Mutations in a novel locus on mouse chromosome 11 resulting in male infertility associated with defects in microtubule assembly and sperm tail function.

Research paper by Amander T AT Clark, Karen K Firozi, Monica J MJ Justice

Indexed on: 09 Jan '04Published on: 09 Jan '04Published in: Biology of reproduction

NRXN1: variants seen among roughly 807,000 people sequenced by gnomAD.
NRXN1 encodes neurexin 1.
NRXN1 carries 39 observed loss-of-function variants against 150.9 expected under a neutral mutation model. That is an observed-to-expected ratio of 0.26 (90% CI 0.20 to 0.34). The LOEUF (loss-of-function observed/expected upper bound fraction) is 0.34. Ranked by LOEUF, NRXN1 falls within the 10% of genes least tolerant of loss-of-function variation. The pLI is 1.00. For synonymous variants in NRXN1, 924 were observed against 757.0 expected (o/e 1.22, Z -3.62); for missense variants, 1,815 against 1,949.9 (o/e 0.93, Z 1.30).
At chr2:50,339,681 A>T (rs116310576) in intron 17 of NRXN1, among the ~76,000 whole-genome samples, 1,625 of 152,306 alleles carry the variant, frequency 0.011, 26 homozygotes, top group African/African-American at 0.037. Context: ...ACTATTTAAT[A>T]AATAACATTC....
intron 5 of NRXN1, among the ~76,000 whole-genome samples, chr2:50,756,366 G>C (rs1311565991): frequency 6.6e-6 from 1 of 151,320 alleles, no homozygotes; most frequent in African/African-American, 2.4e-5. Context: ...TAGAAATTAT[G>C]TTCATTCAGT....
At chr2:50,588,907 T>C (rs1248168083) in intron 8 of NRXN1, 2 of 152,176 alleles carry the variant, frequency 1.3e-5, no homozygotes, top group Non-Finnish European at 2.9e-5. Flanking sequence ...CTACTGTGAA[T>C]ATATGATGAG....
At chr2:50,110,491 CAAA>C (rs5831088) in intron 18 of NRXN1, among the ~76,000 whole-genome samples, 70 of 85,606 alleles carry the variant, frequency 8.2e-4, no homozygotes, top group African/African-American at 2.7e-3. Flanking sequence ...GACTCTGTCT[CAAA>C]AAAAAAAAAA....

Traditional gene knock-out approaches using homologous recombination in embryonic stem cells are routinely used to provide functional information about genes involved in reproduction. In the present study, we examined a novel approach using N-ethyl-N-nitrosourea (ENU) together with a balancer chromosome mating strategy to identify new loci with functional roles in male fertility. Our genetic strategy is a forward-genetic approach; thus, our phenotypic investigation begins with the discovery of an abnormal phenotype without previous knowledge of the mutant locus. We isolated eight recessive mutations on chromosome 11 that resulted in male or female infertility from a screen of 184 founder pedigrees from ENU-treated males. After testing the six male infertile and two female infertile mutations for their ability to complement, we found that three independent recessive male infertile mutations failed to complement each other. The male infertility was associated with reduced epididymal sperm count, a block in late-spermatid differentiation, and increased apoptosis. Furthermore, the three male infertile mutants had severe defects in epididymal sperm morphology associated with incorrect microtubule assembly. Electron microscopy revealed unique defects in sperm head and tail morphology for each of the three alleles. One allele had an abnormal manchette assembly of the sperm head. The other two alleles had different abnormalities in the 9+2 patterning of the microtubules in the sperm tail axoneme, with one containing only five of the microtubule doublets and the other containing an extra doublet. The isolation of this allelic series identifies a new locus on mouse chromosome 11 that is required for spermiogenesis and male fertility.